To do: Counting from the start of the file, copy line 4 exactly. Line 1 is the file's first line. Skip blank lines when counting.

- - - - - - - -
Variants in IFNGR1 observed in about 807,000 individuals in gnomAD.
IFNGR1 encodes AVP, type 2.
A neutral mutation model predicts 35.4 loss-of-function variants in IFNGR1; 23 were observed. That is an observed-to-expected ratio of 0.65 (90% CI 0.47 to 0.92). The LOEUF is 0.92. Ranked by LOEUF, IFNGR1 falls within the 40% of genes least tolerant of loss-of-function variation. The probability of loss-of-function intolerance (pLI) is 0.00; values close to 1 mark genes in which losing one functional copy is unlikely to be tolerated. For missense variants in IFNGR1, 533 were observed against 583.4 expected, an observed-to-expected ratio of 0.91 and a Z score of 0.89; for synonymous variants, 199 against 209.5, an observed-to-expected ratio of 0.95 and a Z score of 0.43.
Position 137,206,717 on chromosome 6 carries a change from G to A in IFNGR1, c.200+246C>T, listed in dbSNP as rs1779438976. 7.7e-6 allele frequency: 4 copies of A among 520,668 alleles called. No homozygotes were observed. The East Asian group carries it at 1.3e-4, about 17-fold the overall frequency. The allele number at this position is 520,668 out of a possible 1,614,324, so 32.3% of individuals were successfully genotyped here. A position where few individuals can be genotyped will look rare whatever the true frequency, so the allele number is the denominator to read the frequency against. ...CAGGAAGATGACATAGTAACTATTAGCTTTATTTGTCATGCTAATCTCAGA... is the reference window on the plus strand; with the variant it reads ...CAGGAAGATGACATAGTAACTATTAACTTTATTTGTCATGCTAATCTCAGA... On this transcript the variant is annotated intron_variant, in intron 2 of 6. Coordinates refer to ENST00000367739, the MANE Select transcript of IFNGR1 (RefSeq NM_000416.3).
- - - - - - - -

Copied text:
Position 137,206,717 on chromosome 6 carries a change from G to A in IFNGR1, c.200+246C>T, listed in dbSNP as rs1779438976. 7.7e-6 allele frequency: 4 copies of A among 520,668 alleles called. No homozygotes were observed. The East Asian group carries it at 1.3e-4, about 17-fold the overall frequency. The allele number at this position is 520,668 out of a possible 1,614,324, so 32.3% of individuals were successfully genotyped here. A position where few individuals can be genotyped will look rare whatever the true frequency, so the allele number is the denominator to read the frequency against. ...CAGGAAGATGACATAGTAACTATTAGCTTTATTTGTCATGCTAATCTCAGA... is the reference window on the plus strand; with the variant it reads ...CAGGAAGATGACATAGTAACTATTAACTTTATTTGTCATGCTAATCTCAGA... On this transcript the variant is annotated intron_variant, in intron 2 of 6. Coordinates refer to ENST00000367739, the MANE Select transcript of IFNGR1 (RefSeq NM_000416.3).